Through a special arrangement, presented here for discussion is a summary of a current article from Retail Customer Experience, a daily news portal devoted to helping retailers differentiate the shopping experience.
It's important to ask questions. But it's also easy to ask questions that lead the witness. "Have we met your expectations?" is a lame question to ask a customer. What can you learn from it if they say yes? What if they say no? Is that information really actionable?
You can easily ask more actionable questions to get the most out of those rare moments when you actually have the chance to ask them. Here are a few examples:
1. Extract more specific feedback from compliments.
Ask: "What specific items or actions pleased you the most?"
I once received the mind-blowing answer of, "You do a great job communicating the state of the big picture." The "big picture" was totally not the focus of the initiative or even what I thought worked. The real focus was about the individual touchpoints and microinteractions, but I'm thankful I received this response because it enlightened me in ways I was able to build on and expand for future projects.
2. Zero in on the "Meh" parts of the experience.
Ask: "What would you like to see us add to our inventory or layout?"
Asking, "What would make you satisfied?" leads to a lot of "Um" and "I'm really not sure" replies. "What should we add" encourages customers to think more about what's missing.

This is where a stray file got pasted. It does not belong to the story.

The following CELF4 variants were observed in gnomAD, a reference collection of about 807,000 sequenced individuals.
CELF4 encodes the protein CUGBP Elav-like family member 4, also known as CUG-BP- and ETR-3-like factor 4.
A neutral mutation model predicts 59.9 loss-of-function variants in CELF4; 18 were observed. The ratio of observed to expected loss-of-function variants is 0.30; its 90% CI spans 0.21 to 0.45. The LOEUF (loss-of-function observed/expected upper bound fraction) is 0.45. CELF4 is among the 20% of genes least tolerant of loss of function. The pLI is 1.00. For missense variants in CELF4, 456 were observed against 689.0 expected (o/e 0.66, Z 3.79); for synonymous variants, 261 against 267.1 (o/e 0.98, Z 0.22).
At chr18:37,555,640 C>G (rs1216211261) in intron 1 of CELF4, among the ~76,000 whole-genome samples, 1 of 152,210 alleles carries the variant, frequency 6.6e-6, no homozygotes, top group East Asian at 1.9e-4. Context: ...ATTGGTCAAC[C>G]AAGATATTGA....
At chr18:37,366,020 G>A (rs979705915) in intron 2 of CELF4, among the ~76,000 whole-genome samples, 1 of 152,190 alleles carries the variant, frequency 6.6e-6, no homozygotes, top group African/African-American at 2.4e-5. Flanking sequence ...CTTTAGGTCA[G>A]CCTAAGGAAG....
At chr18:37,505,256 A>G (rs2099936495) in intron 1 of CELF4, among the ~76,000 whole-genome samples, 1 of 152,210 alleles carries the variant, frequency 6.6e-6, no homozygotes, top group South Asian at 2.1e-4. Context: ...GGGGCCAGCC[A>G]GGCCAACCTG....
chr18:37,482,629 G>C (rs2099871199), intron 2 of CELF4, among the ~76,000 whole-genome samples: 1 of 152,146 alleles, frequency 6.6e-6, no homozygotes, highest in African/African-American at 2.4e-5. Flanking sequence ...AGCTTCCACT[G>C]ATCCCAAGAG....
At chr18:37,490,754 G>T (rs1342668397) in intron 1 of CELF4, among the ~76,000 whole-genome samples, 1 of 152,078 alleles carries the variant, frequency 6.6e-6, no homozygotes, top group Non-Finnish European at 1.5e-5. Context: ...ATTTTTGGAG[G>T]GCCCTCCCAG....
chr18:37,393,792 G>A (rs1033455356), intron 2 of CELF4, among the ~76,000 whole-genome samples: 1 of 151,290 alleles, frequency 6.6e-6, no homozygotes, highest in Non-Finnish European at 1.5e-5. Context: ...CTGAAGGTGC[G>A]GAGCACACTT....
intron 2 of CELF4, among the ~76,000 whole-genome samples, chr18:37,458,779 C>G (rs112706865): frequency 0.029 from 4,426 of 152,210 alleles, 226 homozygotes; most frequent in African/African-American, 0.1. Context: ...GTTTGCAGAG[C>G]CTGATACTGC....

3. Conquer the frustrating parts of the experience.
Ask: "How could we make it easier?"
Remove the limitations your customer has. If we lift those restrictions on our thinking, we can better visualize how things could be, which is liberating and empowering.
4. Invite credit for good service where credit is due.
Ask: "Who serves you best here?"
If there is an employee who stands out for helping your customers stay loyal, this is the perfect opportunity to find out. Investigate what your star offers to customers and replicate as much as you can.
5. Ask satisfied and unsatisfied customers questions about the process and experience.
Ask: "What can we do to improve the checkout process?"
Questions like this will lead to a much more valuable insight than lame questions like, "What can we do to improve?"
6. Finally, ask this one consistently throughout the customer journey.
"Have we been able to provide everything you need?"
Make sure everyone, including your customers and employees, are comfortable telling you when things are not perfect. It gives you the opportunity to apologize, to promise to make corrections, or at least to say, "Thank you for telling me" in a more timely fashion.
Which of the six customer feedback questions mentioned in the article do you think is most effective at driving actionable responses?